The truth is that India’s Opposition can’t be centred just around the shifting fortunes of political parties and their individual leaders, especially when there is no level playing field left anymore. So skewed is the institutional balance of power in favour of the ruling party that a vigorous challenge to a larger-than-life figure such as PM Modi appears almost impossible. When, according to a recent petition before the Supreme Court, 95% of cases by the Central Bureau of Investigation and Enforcement Directorate are against Opposition leaders, when electoral bonds give unlimited access to resources to largely one party, when constitutional functionaries are perceived as unwilling to rein in the government, when Parliament is paralysed and sections of the media are compromised, who will raise a red flag against executive overreach?

In 1977, former PM Indira Gandhi was challenged and defeated, not because the political Opposition’s credibility was restored overnight. Most of the Opposition leaders then were in the autumn of their careers. Nor was there any ideological cohesion in the Janata Party-led coalition: The socialists and Jan Sangh hardly saw eye to eye. Nevertheless, an existential crisis brought them together in the light of Indira Gandhi’s Emergency and jailing of all dissenting voices. But, crucially, what gave their movement salience was the public perception that the Opposition was fighting a just war.

The Opposition seems driven by a similar existential crisis, but their “democracy khatre mein hai” (democracy is in danger) war cry lacks salience. For now, a fear of a domineering leadership and an unrelenting Enforcement Directorate is slowly uniting disparate forces. But the fear factor alone can’t change the political narrative. Nor can knee-jerk anti-Modism — revolving around personal attacks on the PM’s educational qualifications — become a magnet for wider support. The PM has craftily dubbed the embryonic alliance against him as a Bhrastachar Bachao Abhiyan, or a grouping of the corrupt, protecting each other. How can the Opposition take on PM Modi on corruption when many of its leaders and their kin face graft charges?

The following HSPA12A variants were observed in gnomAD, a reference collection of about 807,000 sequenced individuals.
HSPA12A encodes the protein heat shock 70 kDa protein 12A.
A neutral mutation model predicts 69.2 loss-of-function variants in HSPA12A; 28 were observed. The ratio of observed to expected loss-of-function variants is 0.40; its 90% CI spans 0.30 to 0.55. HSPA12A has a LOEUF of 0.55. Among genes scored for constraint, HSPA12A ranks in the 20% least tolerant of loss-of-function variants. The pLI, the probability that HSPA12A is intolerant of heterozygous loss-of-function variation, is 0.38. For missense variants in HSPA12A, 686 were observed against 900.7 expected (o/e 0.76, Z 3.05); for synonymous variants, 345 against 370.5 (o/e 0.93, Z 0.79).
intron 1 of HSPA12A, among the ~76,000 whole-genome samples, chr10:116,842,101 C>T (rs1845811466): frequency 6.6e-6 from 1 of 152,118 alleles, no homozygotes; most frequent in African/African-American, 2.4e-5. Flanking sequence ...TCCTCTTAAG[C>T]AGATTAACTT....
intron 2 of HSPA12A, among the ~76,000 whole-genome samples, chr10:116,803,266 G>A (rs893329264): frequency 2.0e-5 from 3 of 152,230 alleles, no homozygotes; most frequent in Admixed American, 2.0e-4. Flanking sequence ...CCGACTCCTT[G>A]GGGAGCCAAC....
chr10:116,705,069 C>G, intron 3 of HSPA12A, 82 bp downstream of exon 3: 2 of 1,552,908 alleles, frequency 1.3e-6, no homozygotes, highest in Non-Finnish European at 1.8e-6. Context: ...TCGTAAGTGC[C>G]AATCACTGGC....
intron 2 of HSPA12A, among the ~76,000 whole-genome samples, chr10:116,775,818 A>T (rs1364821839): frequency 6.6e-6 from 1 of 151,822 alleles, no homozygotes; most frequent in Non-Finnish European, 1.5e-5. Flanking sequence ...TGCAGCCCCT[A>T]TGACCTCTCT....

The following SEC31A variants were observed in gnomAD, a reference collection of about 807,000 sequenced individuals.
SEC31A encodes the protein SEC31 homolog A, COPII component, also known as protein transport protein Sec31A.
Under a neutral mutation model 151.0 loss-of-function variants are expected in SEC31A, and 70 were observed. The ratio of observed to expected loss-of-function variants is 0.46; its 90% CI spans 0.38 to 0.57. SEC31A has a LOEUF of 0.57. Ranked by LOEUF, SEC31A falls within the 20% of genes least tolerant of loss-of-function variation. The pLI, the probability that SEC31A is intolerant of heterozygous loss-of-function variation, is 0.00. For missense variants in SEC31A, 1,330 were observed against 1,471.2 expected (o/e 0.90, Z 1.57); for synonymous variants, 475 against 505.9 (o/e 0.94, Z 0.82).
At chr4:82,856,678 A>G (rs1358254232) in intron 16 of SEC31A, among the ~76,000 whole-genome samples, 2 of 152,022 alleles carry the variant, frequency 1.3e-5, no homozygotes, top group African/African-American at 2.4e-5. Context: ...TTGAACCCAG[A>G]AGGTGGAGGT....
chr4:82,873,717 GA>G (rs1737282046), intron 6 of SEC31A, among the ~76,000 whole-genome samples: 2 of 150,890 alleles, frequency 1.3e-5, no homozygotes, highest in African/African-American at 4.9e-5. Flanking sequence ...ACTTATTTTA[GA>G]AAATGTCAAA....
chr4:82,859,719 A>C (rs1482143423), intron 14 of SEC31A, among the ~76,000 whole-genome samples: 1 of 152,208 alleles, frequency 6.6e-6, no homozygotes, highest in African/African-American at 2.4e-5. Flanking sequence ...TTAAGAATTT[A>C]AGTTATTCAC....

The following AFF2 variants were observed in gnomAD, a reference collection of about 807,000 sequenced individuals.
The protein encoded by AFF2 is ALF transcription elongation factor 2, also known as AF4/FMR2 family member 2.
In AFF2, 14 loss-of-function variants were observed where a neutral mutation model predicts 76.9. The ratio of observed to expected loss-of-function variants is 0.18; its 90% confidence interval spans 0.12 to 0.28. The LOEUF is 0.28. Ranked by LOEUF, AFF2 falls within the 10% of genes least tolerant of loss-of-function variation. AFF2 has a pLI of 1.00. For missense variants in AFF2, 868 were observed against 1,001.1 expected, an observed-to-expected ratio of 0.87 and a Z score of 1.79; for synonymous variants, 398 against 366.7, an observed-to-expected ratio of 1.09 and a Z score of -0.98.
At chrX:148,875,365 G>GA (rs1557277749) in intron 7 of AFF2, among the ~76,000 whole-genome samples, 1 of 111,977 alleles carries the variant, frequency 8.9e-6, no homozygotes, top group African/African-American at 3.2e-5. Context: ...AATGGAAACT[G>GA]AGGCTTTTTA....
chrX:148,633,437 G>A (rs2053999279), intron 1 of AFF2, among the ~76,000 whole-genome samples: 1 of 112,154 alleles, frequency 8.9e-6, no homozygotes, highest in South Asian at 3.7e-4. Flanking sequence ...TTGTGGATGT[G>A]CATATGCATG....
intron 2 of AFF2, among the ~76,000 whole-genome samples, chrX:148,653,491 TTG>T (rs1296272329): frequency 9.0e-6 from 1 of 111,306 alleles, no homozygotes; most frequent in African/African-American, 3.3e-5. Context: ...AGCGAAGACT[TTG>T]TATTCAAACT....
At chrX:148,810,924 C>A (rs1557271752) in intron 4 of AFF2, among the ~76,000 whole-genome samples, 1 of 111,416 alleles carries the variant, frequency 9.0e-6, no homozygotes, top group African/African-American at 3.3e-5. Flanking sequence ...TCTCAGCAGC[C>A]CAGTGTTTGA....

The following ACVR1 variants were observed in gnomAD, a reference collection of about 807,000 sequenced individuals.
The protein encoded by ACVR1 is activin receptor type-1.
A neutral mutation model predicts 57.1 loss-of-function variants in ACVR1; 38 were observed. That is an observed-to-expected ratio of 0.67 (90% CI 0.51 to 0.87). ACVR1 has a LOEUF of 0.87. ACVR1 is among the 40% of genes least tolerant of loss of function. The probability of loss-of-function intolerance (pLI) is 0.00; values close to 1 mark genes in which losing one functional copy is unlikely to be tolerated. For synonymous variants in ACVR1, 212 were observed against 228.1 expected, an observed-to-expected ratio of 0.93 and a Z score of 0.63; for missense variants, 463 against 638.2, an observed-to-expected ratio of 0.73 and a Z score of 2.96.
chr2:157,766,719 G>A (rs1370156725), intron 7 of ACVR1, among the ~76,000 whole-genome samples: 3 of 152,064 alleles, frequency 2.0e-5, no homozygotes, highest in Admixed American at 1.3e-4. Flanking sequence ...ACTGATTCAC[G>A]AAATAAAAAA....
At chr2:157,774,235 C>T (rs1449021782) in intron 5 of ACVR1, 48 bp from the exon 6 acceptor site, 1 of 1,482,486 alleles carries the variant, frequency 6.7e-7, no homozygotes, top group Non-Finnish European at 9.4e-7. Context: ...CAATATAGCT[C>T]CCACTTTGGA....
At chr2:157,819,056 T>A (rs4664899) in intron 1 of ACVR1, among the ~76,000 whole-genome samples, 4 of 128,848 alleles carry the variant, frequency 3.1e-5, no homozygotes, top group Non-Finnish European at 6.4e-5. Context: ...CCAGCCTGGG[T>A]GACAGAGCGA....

The Opposition must first convince the public that they represent an urgent need for a credible political alternative. This can only happen when Opposition parties come together on a common platform and initiate a plan of action with national resonance. For example, the discordant notes struck over Vinayak Damodar Savarkar are unlikely to give a sense of unified purpose. Twenty-first-century India isn’t interested in acrimonious battles over historical figures. Those debates can be left for opinion page writers rather than for political parties seeking a revival.

Can the Opposition define their vision for a better India? In 2014, PM Modi used two words, achhe din (good days), to offer hope for a better future. Nine years on, PM Modi has moved onto a new slogan of Amrit Kaal, promising a road map for the next 25 years. Can the Opposition expose this well-spun dream with hard facts while offering their version of achhe din? Whoever does so could well become the ultimate KBC winner.

Post-script: At a recent meeting of Opposition leaders, a veteran politician detailed how 400 seats in the next Lok Sabha election could witness one-on-one fights between the BJP and a unified Opposition. “To win elections, we need to learn the art of compromise by keeping our egos aside,” he told the gathering. Will this be the new mantra ahead of 2024?

Rajdeep Sardesai is a senior journalist and author

The views expressed are personal

Unveiling 'Elections 2024: The Big Picture', a fresh segment in HT's talk show 'The Interview with Kumkum Chadha', where leaders across the political spectrum discuss the upcoming general elections. Watch Now!

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  • ABOUT THE AUTHOR
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    Rajdeep Sardesai is senior journalist, author and TV news presenter. His book 2014: The election that changed India is a national best seller that has been translated into half a dozen languages. He tweets as @sardesairajdeep